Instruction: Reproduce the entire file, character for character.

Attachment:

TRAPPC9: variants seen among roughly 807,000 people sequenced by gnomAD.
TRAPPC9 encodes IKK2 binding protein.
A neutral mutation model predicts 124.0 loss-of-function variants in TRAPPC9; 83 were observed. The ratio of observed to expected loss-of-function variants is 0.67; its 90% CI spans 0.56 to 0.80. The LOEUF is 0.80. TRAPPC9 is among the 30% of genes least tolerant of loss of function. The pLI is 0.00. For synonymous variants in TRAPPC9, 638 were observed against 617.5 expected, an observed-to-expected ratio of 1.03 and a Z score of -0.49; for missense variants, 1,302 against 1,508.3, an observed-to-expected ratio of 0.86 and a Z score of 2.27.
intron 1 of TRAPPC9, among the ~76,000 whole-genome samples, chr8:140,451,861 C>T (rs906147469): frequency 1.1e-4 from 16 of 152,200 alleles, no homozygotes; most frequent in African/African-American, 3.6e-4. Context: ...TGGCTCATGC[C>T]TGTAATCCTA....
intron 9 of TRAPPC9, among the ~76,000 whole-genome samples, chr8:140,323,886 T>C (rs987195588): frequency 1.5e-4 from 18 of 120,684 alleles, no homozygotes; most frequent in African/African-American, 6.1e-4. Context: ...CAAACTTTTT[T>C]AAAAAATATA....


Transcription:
TRAPPC9: variants seen among roughly 807,000 people sequenced by gnomAD.
TRAPPC9 encodes IKK2 binding protein.
A neutral mutation model predicts 124.0 loss-of-function variants in TRAPPC9; 83 were observed. The ratio of observed to expected loss-of-function variants is 0.67; its 90% CI spans 0.56 to 0.80. The LOEUF is 0.80. TRAPPC9 is among the 30% of genes least tolerant of loss of function. The pLI is 0.00. For synonymous variants in TRAPPC9, 638 were observed against 617.5 expected, an observed-to-expected ratio of 1.03 and a Z score of -0.49; for missense variants, 1,302 against 1,508.3, an observed-to-expected ratio of 0.86 and a Z score of 2.27.
intron 1 of TRAPPC9, among the ~76,000 whole-genome samples, chr8:140,451,861 C>T (rs906147469): frequency 1.1e-4 from 16 of 152,200 alleles, no homozygotes; most frequent in African/African-American, 3.6e-4. Context: ...TGGCTCATGC[C>T]TGTAATCCTA....
intron 9 of TRAPPC9, among the ~76,000 whole-genome samples, chr8:140,323,886 T>C (rs987195588): frequency 1.5e-4 from 18 of 120,684 alleles, no homozygotes; most frequent in African/African-American, 6.1e-4. Context: ...CAAACTTTTT[T>C]AAAAAATATA....